January 13, 2020 / 9:18 PM / 8 days ago

CANADA FX DEBT-C$ sticks to tight range ahead of U.S.-China trade deal signing

 (Adds strategist quotes and details throughout; updates prices)
    * Canadian dollar dips 0.1% against the greenback
    * Bank of Canada survey shows positive business sentiment
    * Price of U.S. oil declines 1.6%
    * Canadian bond prices fall across a steeper yield curve

    By Fergal Smith
    TORONTO, Jan 13 (Reuters) - The Canadian dollar weakened
slightly against its U.S. counterpart on Monday, sticking to a
narrow range as oil prices fell and investors awaited the
signing this week of a preliminary trade deal between the United
States and China.
    At 3:43 p.m. (2043 GMT), the Canadian dollar          was
trading 0.1% lower at 1.3057 to the greenback, or 76.59 U.S.
cents. The currency, which last Thursday hit a near two-week low
intraday at 1.3104, traded in a range of 1.3032 to 1.3068.    
    "It's like watching paint dry today," said Erik Bregar, head
of FX strategy at the Exchange Bank of Canada. "The market
doesn't really have any reason to move until Wednesday. The
U.S-China phase 1 signing is probably the event of the week."
    Optimism about the deal's expected signing boosted stocks on
Wall Street. Canada runs a current account deficit and is a
major exporter of commodities, including oil, so its economy
could benefit from an improved outlook for the global flow of
trade or capital.
    Canadian business concerns around trade tensions have
declined and sentiment is "broadly positive," the Bank of
Canada's quarterly business survey disclosed on Monday.
            
    The survey could encourage the central bank to leave
interest rates on hold at the Jan. 22 policy announcement
despite evidence in recent weeks of sluggish domestic economic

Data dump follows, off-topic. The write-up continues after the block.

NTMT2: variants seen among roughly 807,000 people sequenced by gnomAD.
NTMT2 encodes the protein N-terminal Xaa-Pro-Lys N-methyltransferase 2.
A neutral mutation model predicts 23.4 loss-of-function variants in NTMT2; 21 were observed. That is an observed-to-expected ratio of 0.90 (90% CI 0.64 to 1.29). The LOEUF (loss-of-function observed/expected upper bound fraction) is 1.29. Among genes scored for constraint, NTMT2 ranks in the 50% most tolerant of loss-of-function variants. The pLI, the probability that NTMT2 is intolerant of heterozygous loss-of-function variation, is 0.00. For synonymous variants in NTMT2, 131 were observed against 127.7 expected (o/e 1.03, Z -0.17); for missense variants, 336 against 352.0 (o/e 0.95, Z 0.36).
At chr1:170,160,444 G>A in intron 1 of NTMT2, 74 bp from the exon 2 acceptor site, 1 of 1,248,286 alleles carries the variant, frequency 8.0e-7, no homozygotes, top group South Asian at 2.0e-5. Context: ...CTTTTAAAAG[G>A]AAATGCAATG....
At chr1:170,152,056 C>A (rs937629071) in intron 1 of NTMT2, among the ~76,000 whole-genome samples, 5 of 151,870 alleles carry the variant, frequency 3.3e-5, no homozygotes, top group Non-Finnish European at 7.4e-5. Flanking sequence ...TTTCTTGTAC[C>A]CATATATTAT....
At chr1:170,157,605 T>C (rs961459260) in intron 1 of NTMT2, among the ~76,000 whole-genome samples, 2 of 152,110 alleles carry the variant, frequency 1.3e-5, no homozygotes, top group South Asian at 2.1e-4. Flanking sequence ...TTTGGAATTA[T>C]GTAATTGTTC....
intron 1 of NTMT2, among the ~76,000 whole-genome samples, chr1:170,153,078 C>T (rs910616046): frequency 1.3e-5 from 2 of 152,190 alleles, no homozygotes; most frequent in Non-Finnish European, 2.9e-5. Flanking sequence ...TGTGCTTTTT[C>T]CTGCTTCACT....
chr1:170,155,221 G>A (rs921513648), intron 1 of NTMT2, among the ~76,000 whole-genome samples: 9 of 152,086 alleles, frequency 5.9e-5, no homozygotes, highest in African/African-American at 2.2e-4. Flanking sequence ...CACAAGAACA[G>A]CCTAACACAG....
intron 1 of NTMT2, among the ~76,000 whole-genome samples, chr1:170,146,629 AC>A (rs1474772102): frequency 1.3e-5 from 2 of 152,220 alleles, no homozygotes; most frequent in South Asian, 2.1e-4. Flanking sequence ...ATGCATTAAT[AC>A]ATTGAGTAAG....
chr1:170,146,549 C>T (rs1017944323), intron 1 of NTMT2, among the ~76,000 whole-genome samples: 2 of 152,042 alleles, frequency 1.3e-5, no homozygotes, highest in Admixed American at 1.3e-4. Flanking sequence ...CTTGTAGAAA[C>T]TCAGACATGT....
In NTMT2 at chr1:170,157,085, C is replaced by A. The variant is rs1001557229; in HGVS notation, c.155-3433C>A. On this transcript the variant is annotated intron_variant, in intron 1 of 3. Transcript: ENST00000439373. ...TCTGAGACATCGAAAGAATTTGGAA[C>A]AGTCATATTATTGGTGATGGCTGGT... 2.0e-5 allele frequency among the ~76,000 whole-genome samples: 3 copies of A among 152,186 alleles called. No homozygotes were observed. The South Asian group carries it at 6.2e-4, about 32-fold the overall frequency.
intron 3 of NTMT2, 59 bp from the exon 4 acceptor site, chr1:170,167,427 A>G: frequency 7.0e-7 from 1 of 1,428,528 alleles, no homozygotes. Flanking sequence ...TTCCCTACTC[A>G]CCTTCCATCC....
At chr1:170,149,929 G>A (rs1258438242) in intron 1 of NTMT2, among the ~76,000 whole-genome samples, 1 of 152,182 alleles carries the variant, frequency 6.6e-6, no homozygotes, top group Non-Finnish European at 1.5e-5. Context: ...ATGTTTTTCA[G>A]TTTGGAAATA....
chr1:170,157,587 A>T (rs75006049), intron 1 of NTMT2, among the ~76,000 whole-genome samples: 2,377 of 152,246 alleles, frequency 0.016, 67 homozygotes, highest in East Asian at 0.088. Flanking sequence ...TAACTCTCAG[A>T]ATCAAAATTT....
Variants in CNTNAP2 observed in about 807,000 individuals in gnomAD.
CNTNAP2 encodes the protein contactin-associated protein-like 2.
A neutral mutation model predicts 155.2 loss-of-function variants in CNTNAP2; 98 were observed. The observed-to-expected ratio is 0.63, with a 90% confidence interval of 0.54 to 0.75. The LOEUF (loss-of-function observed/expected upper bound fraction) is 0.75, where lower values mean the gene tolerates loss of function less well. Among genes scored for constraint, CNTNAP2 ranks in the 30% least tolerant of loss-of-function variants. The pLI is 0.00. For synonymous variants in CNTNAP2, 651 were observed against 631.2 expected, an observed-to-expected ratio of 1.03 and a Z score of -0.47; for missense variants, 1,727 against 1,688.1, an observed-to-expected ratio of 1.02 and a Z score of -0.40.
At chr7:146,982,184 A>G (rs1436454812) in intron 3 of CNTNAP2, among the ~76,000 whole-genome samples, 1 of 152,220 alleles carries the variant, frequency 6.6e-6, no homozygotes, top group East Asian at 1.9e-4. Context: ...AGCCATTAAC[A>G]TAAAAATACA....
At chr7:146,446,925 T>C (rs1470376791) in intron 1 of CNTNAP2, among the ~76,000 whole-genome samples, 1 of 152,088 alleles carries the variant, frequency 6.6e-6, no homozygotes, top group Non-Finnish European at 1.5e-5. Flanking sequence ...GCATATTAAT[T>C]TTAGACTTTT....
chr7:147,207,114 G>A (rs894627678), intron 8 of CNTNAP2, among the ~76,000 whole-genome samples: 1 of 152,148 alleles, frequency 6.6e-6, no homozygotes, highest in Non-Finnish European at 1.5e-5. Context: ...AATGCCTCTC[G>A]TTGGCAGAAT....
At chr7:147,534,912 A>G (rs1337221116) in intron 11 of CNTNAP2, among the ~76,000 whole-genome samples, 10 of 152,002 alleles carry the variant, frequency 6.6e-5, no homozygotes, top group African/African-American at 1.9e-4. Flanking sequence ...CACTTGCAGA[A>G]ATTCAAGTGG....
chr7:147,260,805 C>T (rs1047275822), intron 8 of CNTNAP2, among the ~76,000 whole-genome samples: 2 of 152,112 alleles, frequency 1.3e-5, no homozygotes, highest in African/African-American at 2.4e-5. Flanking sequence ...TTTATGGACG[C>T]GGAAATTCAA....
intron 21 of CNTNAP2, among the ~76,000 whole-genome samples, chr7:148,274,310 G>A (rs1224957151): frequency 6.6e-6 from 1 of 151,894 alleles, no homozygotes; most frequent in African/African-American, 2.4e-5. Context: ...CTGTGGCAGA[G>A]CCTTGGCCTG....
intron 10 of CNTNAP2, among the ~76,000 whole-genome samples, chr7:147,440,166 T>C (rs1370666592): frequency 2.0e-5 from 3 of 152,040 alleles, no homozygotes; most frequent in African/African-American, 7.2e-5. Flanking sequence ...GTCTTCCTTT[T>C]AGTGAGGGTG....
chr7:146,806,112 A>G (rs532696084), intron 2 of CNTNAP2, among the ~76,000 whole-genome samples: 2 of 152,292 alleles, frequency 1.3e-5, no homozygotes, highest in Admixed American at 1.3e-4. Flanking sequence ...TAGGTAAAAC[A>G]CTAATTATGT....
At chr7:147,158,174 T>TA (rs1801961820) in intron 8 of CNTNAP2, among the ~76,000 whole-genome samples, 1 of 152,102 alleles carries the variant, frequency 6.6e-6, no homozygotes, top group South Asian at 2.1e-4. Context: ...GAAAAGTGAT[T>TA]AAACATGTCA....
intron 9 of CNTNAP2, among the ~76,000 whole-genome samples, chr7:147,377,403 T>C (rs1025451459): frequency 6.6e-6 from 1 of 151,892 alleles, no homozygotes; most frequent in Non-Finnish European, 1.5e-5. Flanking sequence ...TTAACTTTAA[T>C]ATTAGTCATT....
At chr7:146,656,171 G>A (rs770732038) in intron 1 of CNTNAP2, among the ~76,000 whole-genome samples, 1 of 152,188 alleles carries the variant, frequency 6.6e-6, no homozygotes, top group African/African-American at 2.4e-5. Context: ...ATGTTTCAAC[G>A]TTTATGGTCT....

growth.
    "I don't see enough of a reason for the Bank of Canada to
get excited and change the monetary policy outlook," Bregar
said.               
    Chances of a rate cut by July are at less than 50%, money
market data showed.               
    The price of oil fell as Middle East tensions eased and
investors turned their focus to lackluster seasonal demand
following last week's bearish U.S. report showing large fuel
stock builds. U.S. crude oil futures        settled 1.6% lower
at $58.08 a barrel.                 
    The loonie declined 0.4% last week, after it notched a 5%
gain in 2019, when it was the top-performing G10 currency.
    Speculators have more than doubled their bullish bets on the
Canadian dollar, data from the U.S. Commodity Futures Trading
Commission and Reuters calculations showed on Friday. As of Jan.
7, net long positions had increased to 26,367 contracts from
11,913 in the prior week.
    Canadian government bond prices were lower across a steeper
yield curve, with the two-year            down 2 Canadian cents
to yield 1.666% and the 10-year             falling 25 Canadian
cents to yield 1.615%. 

 (Reporting by Fergal Smith; Editing by David Gregorio and Peter
Cooney)
  
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